Titian and Tintoretto

Titian and Tintoretto

By M. Evelyn Davis
Ex-Student House of Education
The Parents’ Review, 1914, pp. 692–698

“…I saw in Venice
The truest test of the good and beautiful.
First, in my judgment, ever stands that school
And Titian first of all Italian men is.”


Although not a native of Venice, it is with that city that we usually associate Titian, and then we remember that two of the artists we have lately been studying also worked in that place of waterways.

Like the elder of the two, Carpaccio, little is known of the early days of Titian, except that he was the second son of Gregorio Vecelli, and was born about 1477, at Pieve, in Cadore, the family removing ten years later to Venice where Titian at once began his artistic training under Zuccati, and afterwards with the brothers Bellini.

We learnt that the art of Carpaccio was much influenced by the splendour and magnificence which prevailed at that time in Venice, then the centre of the world’s trade and the meeting place of many peoples. Great public processions and spectacular displays of every kind were eagerly welcomed by Venetians of every class, and the feasts of colour thus provided afforded food for many an artist’s canvas.

For the Venetian school of painting is distinguished by the importance paid to the harmony of colour, rather than to form, though the latter was by no means neglected. Titian could not therefore fail to be influenced by the wonderful scenes around him, scenes so different from the rugged Dolomite country in which he had gained his first impressions. But the human influence in his early works was due to Giorgione, whose very technique Titian so slavishly copied, that to-day it is often difficult to distinguish his early portraits from those of his master.

While studying Dürer’s works, we read of his visit to Venice in 1506, to undertake commissions for the adornment of the Fondaco dei Tedeschi, the German house of commerce, which was then being built to take the place of one destroyed the previous year by fire. Giorgione and Titian were both also employed to decorate the same building, and we can at any rate imagine the interest with which the artists of the different countries would regard each other’s work.

A severe outbreak of plague in Venice in 1510 drove Titian to Padua, where, like Giotto, he executed some frescoes; on returning home some two years later he found that Giorgione was dead of plague, and that the old artistic circle was quite broken up. He fell now somewhat under the influence of Palma Vecchio, during which period he painted, amongst others, “Baptism of St. John,” “Three Ages,” “Sacred and Profane Love.”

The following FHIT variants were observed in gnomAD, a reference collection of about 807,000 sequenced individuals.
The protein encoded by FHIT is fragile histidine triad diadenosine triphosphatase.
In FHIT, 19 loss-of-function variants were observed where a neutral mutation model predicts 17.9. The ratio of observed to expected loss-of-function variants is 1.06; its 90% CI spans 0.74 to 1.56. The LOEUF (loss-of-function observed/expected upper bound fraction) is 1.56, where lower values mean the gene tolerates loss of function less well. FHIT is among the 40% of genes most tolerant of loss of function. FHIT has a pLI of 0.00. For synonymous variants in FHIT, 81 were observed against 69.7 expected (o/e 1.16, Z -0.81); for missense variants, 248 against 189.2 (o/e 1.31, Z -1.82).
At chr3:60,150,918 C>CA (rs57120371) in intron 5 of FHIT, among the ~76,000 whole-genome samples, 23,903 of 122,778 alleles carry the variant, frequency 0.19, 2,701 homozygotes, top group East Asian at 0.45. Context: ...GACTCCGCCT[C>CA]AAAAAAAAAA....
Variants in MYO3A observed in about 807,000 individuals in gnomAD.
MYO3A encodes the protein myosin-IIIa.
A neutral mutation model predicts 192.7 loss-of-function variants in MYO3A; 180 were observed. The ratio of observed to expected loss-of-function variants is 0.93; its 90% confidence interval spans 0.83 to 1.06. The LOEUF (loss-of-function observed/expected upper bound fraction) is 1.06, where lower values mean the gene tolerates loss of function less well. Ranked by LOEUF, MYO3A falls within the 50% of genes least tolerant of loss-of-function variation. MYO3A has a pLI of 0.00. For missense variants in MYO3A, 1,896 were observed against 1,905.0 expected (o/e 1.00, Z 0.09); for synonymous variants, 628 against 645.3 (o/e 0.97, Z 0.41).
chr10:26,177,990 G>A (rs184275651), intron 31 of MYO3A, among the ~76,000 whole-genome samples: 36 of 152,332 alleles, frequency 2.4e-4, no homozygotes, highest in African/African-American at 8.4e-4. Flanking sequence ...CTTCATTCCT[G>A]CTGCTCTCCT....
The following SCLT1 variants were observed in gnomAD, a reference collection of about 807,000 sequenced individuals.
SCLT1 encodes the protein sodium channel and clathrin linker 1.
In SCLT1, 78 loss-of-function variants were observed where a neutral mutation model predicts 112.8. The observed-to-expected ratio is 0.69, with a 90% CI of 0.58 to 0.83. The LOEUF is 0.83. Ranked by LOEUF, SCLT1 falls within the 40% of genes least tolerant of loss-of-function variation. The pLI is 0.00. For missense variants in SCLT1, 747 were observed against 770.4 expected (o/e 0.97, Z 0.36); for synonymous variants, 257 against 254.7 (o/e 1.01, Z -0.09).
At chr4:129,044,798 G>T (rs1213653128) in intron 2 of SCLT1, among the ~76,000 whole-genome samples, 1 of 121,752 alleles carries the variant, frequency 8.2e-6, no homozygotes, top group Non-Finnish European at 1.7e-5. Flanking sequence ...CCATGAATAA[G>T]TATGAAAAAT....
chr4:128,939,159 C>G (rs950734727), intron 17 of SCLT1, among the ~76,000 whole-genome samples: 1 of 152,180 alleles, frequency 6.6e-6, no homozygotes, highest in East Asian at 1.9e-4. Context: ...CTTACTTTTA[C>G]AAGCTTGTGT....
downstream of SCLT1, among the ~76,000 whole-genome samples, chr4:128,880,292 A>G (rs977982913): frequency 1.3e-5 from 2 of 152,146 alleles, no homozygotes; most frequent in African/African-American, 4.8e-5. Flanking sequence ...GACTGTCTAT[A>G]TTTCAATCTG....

Much of Titian’s time during the next few years was spent in scheming to obtain the post of official painter to the State, in which he was eventually successful, though it is regrettable to notice that he did not discharge his duties at all conscientiously.

Portraits and fancy portraits, however, he executed with considerable rapidity, and Alfonso, of Ferrara, showered commissions upon him, though Titian never unduly hurried himself to fulfil them. Various churches in Venice were at this time enriched by great altar-pieces from his hand.

In 1523, began a friendship with the Duke of Mantua, which lasted till the Duke’s death, nearly twenty years later, and through which Titian obtained many commissions, and an introduction to the Duke of Urbino. In 1530, at Bologna, the artist met Charles V., who sat to him for his portrait on more than one occasion, granted him the title of Count Palatine, and tried to persuade him to accompany the Court of Spain.

During these years, the City of Venice had been quite neglected, till in 1537, the Signoria being angry, threatened to make Titian refund all the money he had drawn from his office. The result was the completion of the famous “Battle of Cadore,” unfortunately destroyed by fire some forty years later.

After this, Titian employed himself with various pictures for churches and buildings in Venice, until in 1543, when nearly seventy years old, he journed to Rome, where he proved that his skill was in no wise diminished, by such works as “Pope Paul III., with his Grandsons,” “Danae,” “Venus with the Lute-player,” and others. After a stay of eight months, Titian returned home, only to journey again to the Court of Charles V., at Augsburg, where he was employed in painting many portraits of the House of Hapsburg.

His last years were spent in Venice, always busily employed, though he had to let his pupils do more and more of his work, until in August, 1576, during an epidemic of plague, the greatest Master of Venice, now nearly a hundred years old, fell a victim, and was buried in the Church of the Frari, as he had himself desired. His grave went unmarked until in 1852, a monument dedicated by the Emperors Ferdinand and Franz Joseph, was erected over the spot to his memory.